A new report released by the Green Building Council of Australia (GBCA), with the New Zealand Green Building Council (NZGBC) has revealed the triple benefits of Green Star-rated health facilities.

Following a review of national and international healthcare facilities, the report titled ‘The case for sustainable healthcare’ lists out better patient outcomes, improved productivity and reduced ongoing energy costs as the primary benefits of green-certified health facilities.

Challenging the healthcare industry to step up, GBCA CEO Romilly Madew says there were demonstrated benefits from sustainable buildings, and hospital patients and vital healthcare workers deserved better.

“We know patients and workers in Green Star-certified buildings report higher health and productivity. This can lead to faster patient recovery times, increased employee satisfaction and lower staff turnover, as well as lower ongoing energy costs. The positives are too big to ignore.”

Referring to the 10 percent and growing healthcare share of GDP – about $170 billion in 2015-2016 – Madew said that vital funds should be used to deliver the most efficient healthcare infrastructure possible.

“Green buildings have proven cost benefits, in addition to the improvements for patients and workers.”

Less than one per cent of more than 2,000 Green Star-rated buildings across Australia are in the healthcare sector; however, sick people, doctors and nurses should also be able to benefit from a healthy sustainable environment as office workers do, says Madew.

‘The case for sustainable healthcare’ report was sponsored by NAB, which is supporting the transition to a low carbon economy through a commitment to provide $55 billion dollars in environmental finance by 2025.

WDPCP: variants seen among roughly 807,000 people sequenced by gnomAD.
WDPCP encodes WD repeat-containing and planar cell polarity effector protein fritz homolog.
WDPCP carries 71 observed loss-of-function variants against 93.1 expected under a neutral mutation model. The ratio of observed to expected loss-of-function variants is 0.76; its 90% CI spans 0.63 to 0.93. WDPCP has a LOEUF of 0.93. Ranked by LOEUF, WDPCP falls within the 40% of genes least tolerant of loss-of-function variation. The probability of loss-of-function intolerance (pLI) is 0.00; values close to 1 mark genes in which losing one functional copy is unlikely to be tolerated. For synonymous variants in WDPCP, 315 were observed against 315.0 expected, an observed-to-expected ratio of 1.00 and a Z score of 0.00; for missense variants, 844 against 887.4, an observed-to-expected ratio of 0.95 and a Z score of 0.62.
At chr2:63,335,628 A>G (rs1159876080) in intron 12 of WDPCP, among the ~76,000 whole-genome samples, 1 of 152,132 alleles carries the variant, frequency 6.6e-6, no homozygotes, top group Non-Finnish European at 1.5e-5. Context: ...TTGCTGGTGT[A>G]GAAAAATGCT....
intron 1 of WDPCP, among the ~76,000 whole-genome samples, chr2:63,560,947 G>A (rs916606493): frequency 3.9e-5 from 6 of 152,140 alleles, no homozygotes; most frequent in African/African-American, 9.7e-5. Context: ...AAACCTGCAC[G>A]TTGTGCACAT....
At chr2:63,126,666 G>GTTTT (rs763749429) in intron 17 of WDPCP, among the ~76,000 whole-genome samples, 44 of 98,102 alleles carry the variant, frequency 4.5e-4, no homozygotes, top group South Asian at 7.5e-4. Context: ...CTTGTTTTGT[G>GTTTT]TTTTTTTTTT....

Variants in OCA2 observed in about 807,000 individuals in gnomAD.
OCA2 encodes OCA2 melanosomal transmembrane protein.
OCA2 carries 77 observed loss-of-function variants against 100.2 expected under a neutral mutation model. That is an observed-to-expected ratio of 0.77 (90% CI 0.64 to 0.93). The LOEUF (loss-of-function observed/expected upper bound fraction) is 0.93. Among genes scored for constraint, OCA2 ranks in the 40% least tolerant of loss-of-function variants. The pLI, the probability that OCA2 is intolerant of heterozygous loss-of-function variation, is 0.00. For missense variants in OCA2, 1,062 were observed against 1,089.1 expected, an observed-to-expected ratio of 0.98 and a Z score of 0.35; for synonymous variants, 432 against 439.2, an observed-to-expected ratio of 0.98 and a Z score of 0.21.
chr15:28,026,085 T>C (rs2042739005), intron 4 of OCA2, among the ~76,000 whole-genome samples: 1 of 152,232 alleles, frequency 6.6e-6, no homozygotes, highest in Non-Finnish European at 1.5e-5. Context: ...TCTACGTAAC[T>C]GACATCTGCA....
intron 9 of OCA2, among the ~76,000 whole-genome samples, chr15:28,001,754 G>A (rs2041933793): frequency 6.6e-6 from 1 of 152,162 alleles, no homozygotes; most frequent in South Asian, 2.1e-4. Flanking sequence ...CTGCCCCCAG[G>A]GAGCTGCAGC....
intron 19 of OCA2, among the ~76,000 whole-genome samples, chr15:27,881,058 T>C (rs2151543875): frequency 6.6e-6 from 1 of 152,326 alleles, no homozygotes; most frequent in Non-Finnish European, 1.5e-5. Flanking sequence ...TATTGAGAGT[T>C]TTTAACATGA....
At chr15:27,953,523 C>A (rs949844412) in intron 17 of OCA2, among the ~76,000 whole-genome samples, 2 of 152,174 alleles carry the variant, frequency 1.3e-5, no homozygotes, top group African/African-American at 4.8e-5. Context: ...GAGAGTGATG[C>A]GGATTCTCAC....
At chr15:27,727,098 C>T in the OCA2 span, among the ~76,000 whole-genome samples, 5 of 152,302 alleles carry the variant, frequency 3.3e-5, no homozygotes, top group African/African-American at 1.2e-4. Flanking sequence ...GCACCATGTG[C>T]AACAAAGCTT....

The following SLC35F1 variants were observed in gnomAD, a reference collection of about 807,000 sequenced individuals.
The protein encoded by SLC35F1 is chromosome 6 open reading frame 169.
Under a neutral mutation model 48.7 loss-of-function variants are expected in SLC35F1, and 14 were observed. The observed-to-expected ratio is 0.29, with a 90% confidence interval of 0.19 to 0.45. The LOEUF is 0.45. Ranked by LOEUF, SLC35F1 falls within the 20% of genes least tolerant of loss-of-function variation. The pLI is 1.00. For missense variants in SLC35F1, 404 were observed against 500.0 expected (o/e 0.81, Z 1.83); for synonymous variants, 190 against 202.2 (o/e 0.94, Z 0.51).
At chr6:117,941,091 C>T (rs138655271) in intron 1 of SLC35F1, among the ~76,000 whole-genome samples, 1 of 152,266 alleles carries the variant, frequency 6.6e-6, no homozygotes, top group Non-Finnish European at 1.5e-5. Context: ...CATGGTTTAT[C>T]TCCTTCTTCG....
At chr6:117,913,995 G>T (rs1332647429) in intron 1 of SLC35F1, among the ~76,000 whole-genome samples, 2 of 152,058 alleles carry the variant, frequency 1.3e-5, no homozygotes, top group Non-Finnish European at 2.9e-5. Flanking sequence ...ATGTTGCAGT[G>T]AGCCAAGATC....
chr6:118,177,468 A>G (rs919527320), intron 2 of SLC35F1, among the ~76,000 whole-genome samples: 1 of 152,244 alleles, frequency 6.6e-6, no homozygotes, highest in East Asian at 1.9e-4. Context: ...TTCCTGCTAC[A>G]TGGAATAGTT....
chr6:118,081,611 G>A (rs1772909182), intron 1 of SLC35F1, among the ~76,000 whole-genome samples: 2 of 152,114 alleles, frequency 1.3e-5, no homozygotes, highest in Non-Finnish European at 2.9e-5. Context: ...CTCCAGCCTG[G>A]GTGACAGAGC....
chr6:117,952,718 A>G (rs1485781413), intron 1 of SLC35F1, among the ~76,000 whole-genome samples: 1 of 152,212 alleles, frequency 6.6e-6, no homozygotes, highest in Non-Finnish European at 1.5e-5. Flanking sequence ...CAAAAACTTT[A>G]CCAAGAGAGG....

Several hospitals that are seeing the benefits of Green Star-rated buildings find mention in the report. These include the New South Wing of Flinders Medical Centre in South Australia, a five-star Green Star-certified building that saved $400,000 a year thanks to a solar-heated hot water system and reduced water consumption by 20 percent through rainwater harvesting; Austin Hospital’s Olivia Newton-John Cancer Wellness & Research Centre, the first Green Star-certified healthcare project in Victoria, which no longer uses potable water for irrigation because of its 120,000 litre rainwater storage facility; and Queensland’s newly opened $1.8bn Sunshine Coast University Hospital, which is tipped to operate at 40 percent lower peak energy demand by 2021.

New Zealand’s Forte Health Building in Christchurch also reported strong tenant and patient satisfaction.

Patient benefits from green buildings include a 15 percent faster recovery for people with depression when they were cared for in facilities with natural sunlight; a 30 percent drop in medical errors in better designed rooms; and a 41 percent shorter average stay for patients in sunny rooms compared to those without access to natural light.